Telopea speciosissima (Red waratah)

Waratah in Australian Landscape Design

Waratah, or Telopea, is a group of large shrubs or small trees native to Australia, especially the southeastern parts of New South Wales, Victoria, and Tasmania. There are five species of waratah. The most well-known is the Telopea speciosissima (Red waratah), which is known for its bright red flower and is the state symbol of New South Wales. The word "waratah" derives from the native Eora Aboriginal people, meaning red flowering tree. In the flowery vocabulary, waratahs represent beauty.

Tree in bloom
Alloxylon flammeum (Queensland Tree Waratah) is a rainforest tree that only grows naturally in the Atherton Tablelands.

Where do Waratahs grow best?

Ideal Growing Conditions

Growing Conditions: The ideal climates for growth are temperate and semitropical. This plant prefers moderate shade with morning sun, although it will also thrive in full sun. Make sure it only gets a little exposure to the hot afternoon sun. Soils with good drainage are ideal for the growth. The optimal soil for planting waratahs is slightly acidic, sandy soil.

Waratah blooms in bushland under the spring sunshine in NSW, Australia. The inflorescence is surrounded by a whorl of big, red bracts that protect them.


Lewin's Honeyeater on a waratah flower. A great way to attract wildlife to your garden.

Plant Description

Description: Red waratah is simple to grow and grows rapidly once established. It has partially branching stems that can grow 3-4 metres tall and 2 metres wide. The leaves are big, oblong, leathery, and have roughly toothed edges. The upper side of the leaf is dark green and smooth, and the veins are easy to see. The lower side of the leaf is lighter green. They are dark green and are placed alternately on the branches.

Telopea speciosissima (Red waratah)
Telopea speciosissima (Red waratah). The leaves are big, oblong, leathery, and have roughly toothed edges.

The flower heads of these plants are huge, beautiful, and dome-shaped. The inflorescence comprises 250 pairs of flowers surrounded by a whorl of big, red bracts that protect them.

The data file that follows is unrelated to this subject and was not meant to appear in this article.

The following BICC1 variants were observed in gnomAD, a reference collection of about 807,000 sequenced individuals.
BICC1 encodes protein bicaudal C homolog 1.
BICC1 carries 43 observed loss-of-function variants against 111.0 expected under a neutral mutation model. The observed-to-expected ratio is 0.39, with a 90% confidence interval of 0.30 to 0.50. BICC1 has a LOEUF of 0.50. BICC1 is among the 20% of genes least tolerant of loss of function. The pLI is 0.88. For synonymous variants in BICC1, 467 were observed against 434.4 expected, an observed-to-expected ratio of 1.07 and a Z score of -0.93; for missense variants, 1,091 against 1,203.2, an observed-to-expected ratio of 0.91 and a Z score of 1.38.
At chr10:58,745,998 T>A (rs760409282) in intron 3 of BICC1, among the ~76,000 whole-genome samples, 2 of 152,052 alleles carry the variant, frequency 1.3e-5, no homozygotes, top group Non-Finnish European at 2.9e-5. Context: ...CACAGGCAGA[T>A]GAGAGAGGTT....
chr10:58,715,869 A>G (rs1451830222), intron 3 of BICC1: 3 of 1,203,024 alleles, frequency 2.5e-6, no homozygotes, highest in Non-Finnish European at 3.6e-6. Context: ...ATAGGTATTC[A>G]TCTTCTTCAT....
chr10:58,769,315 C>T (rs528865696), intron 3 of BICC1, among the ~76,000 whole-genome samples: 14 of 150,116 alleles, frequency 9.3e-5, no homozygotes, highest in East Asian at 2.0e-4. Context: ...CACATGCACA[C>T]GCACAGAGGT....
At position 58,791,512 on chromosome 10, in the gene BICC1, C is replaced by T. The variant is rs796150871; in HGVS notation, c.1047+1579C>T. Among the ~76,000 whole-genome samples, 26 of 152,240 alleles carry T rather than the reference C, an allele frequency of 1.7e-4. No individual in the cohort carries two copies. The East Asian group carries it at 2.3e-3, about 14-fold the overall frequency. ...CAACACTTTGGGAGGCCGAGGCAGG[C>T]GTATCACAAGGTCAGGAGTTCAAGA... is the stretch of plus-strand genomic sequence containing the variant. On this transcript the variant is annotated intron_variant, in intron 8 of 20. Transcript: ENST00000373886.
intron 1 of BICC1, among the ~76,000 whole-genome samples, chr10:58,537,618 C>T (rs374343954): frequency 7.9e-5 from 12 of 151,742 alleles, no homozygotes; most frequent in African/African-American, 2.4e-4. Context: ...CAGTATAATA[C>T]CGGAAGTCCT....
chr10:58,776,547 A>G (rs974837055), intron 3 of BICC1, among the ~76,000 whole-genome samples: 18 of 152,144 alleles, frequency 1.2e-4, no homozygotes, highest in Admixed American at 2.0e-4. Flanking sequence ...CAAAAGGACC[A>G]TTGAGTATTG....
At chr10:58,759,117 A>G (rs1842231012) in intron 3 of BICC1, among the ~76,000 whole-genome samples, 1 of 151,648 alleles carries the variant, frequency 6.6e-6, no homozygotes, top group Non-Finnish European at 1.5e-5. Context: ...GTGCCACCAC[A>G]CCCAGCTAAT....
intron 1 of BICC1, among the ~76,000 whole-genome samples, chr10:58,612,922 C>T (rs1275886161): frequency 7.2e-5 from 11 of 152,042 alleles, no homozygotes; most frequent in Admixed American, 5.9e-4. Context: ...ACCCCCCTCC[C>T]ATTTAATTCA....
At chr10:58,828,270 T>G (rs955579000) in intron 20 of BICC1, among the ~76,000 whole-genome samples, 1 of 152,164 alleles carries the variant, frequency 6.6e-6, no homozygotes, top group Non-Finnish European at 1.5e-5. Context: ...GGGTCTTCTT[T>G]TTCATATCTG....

Waratah flower inflorescence comprises 250 pairs of flowers.

The bloom opens from the base or the exterior of the head. The flower's diameter varies from 5 to 15 cm. The flowering season is from September through November. Flowers produce a great amount of nectar, which attracts birds and insects, the plant's primary pollinators.

Yellow Waratah (Telopea speciosissima x oreades)
Yellow Waratah (Telopea speciosissima x oreades)

Waratah fruit is a reddish brown leathery pod with a big, beige-coloured winged seed. When the fruit is ripe, it splits lengthwise, releasing two rows of 10-20 winged seeds. Waratah can survive bushfires because it has a lot of dormant buds in its underground stem that starts to grow soon after the fire.

Waratah seed pods. When the fruit is ripe, it splits lengthwise, releasing two rows of 10-20 winged seeds

Caring for your waratah plant

Watering: Newly planted trees need constant watering for the first summer, especially during the establishment phase. During the early growing season, water thoroughly once every two weeks. In extreme drought, older trees could need watering. Overwatering your plant can cause fungal problems, especially around the roots. Waratah does not require water in late autumn and winter.

Fertilisers: Waratah is sensitive to phosphorus in general-purpose fertilisers. Phosphorus-containing fertilisers might be hazardous to your plant. Feed in the spring with bone and blood or slow-release fertiliser low in phosphorus and specially prepared for native plants to encourage vigorous growth and many flowers.

Pruning: Mature plants require regular pruning to keep their thick structure and encourage more flower production. Once flowering has finished, prune the branches down to one-fourth their length. As you notice any weak stems, cut them off.

Disease and Pests

Waratah is particularly susceptible to root rot; however other fungal diseases can affect these plants in waterlogged soil. These plants really require excellent drainage. Waratah can also be grown in raised beds or pots to prevent root rot.

Scale can occasionally be an issue on these plants, especially on the younger ones, but it is usually easily treated with pest oil, which suffocates the. Bud and stem borer can damage flower buds, but Bacillus thuringiensis is a good way to get rid of them.

Landscape Design ideas for Waratah

Waratah is such a beautiful plant, and its amazing floral displays are fantastic additions to the garden, which adds uniqueness to your environment by attracting animal and insect life. If you want to get the most out of your waratah, put it in a visible area where you can easily access it, such as a driveway, a path, or the front of your house. Additionally, they will contrast beautifully with wooden decks, putting you right in the middle of the flowers.

Queensland Tree Waratah Royal Botanical Gardens Sydney.

More Information on Waratah and Related Plants

Banksia Coccinea Landscape Design


Australian Nation Herbarium Growing Information on Telopea species


Australian Native Plant Society


New South Wales National Parks